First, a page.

This period of freedom might also be why War and Peace, despite being one of the most grandiose epics of all time, is so stunningly inventive, flying from idea to idea, technique to technique, with the energy of a film student and the confidence of an old master. It’s as if the director and his crew felt at liberty to try just about anything that came into their heads — and, amazingly, most of their crackpot schemes worked. The combat scenes are justly celebrated, with thousands and thousands of extras constantly in motion and formation, the landscape bursting with tightly coordinated cannon fusillades and thundering cavalry charges. The camera never seems to stop — one moment, it’s whip-panning at ground level among the faces of soldiers, the next it’s rising up into the skies to take in the immense patterns of troop movements.
Bondarchuk’s crew used extremely long, swiftly swiveling cranes and remote-control cameras to achieve rapid changes in perspective. The camera was often put on helicopters and planes and sent to shoot the battlefield from among the clouds. You can see, in this contemporaneous documentary, some of the makeshift trickery they employed — putting the cameraman on a dolly, then letting him step off it and walk through the trenches, then hoisting him on a crane, all in the course of a single shot. (Some of these are techniques Martin Scorsese would later perfect on pictures like Raging Bull — only the Soviets did it pre-Steadicam, while shooting on a dodgy, Soviet-made 70mm film stock that reportedly had mosquitoes stuck in the emulsion.)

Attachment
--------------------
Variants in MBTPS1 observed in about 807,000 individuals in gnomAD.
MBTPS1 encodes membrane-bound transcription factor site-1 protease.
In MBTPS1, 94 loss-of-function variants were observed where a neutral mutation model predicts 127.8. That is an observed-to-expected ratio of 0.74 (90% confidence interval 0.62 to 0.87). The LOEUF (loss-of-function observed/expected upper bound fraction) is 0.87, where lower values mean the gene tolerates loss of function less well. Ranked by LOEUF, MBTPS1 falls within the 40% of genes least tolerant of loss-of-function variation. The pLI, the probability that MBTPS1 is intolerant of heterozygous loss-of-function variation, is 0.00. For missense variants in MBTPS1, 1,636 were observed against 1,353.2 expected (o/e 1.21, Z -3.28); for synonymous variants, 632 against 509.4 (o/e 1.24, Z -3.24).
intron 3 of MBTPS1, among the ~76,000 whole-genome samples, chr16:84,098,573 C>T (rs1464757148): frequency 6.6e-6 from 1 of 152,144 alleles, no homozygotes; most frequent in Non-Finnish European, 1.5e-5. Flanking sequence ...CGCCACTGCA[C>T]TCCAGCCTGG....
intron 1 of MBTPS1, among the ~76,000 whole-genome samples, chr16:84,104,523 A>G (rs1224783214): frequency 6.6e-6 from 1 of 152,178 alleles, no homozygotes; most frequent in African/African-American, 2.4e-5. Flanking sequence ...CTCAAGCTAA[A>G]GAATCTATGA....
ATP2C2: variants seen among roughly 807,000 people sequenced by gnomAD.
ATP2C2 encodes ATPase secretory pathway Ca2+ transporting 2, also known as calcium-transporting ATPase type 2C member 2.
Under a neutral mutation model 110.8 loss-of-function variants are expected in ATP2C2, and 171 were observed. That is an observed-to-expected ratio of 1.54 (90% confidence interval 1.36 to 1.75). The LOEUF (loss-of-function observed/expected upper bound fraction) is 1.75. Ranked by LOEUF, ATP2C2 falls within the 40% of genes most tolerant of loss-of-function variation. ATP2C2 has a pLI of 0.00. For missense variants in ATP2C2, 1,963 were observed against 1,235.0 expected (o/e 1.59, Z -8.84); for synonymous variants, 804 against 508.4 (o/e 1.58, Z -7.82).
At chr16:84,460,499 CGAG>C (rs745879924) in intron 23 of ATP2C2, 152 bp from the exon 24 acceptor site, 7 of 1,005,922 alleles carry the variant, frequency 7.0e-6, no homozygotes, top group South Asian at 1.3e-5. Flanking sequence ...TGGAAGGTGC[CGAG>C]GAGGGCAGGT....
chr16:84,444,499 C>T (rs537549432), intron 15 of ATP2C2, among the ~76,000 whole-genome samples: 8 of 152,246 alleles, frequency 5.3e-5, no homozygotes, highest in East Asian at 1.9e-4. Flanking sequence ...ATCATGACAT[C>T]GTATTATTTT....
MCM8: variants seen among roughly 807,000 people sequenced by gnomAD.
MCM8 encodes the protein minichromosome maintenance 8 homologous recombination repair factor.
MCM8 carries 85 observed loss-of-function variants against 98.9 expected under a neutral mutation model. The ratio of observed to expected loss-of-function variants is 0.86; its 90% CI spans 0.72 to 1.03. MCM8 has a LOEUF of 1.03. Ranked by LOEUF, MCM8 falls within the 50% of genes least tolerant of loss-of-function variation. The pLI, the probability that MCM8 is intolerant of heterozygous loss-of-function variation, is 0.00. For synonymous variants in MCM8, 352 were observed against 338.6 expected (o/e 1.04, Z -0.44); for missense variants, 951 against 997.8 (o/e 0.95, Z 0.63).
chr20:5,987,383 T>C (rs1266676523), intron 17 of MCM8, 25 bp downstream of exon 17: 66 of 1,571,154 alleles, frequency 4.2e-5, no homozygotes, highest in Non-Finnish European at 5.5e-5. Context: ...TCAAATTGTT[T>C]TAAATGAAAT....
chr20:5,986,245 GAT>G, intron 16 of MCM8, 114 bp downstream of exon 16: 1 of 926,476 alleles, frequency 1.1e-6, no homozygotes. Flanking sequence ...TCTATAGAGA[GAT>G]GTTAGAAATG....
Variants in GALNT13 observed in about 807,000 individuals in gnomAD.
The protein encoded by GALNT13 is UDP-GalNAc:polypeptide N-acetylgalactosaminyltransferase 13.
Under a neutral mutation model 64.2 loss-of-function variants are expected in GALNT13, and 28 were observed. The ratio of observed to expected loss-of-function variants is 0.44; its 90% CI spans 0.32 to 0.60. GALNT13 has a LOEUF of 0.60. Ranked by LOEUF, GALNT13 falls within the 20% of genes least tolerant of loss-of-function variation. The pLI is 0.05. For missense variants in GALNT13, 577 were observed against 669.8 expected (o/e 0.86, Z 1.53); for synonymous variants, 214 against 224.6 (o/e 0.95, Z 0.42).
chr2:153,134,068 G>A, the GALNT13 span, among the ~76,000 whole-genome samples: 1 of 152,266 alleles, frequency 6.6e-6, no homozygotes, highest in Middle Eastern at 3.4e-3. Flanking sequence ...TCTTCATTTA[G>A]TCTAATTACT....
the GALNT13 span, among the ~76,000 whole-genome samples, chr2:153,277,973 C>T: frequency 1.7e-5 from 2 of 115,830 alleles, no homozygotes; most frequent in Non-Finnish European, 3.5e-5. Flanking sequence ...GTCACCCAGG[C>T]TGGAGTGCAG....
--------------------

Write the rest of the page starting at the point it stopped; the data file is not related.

They also put the camera on zip lines and let it rip through vast stretches of battlefield, careening through clusters of fighting soldiers and exploding artillery and massive towers of flame; the cables burned out after three or four takes. This method was also used on a celebrated shot during one of the film’s pivotal ball sequences, as the camera hurls through a huge, crowded ballroom with a perspective that suggests both the all-encompassing vision of a godlike being and the relentless forward charge of history. (For other shots during the ball sequences, cameramen strapped on roller skates in order to spin around the dancers while keeping focus on their faces.)
During the climactic fire of Moscow, Bondarchuk’s crew built a huge wooden set, and then torched it in sections until there was nothing left. The verisimilitude of these scenes is staggering. As the characters — in particular Bondarchuk himself, playing the grieving Pierre Bezukhov — run, wander, and scream through the burning city, those are clearly real flames surrounding them, and real gusts of black ash choking them. Needless to say, most of these shots had to be done in one take.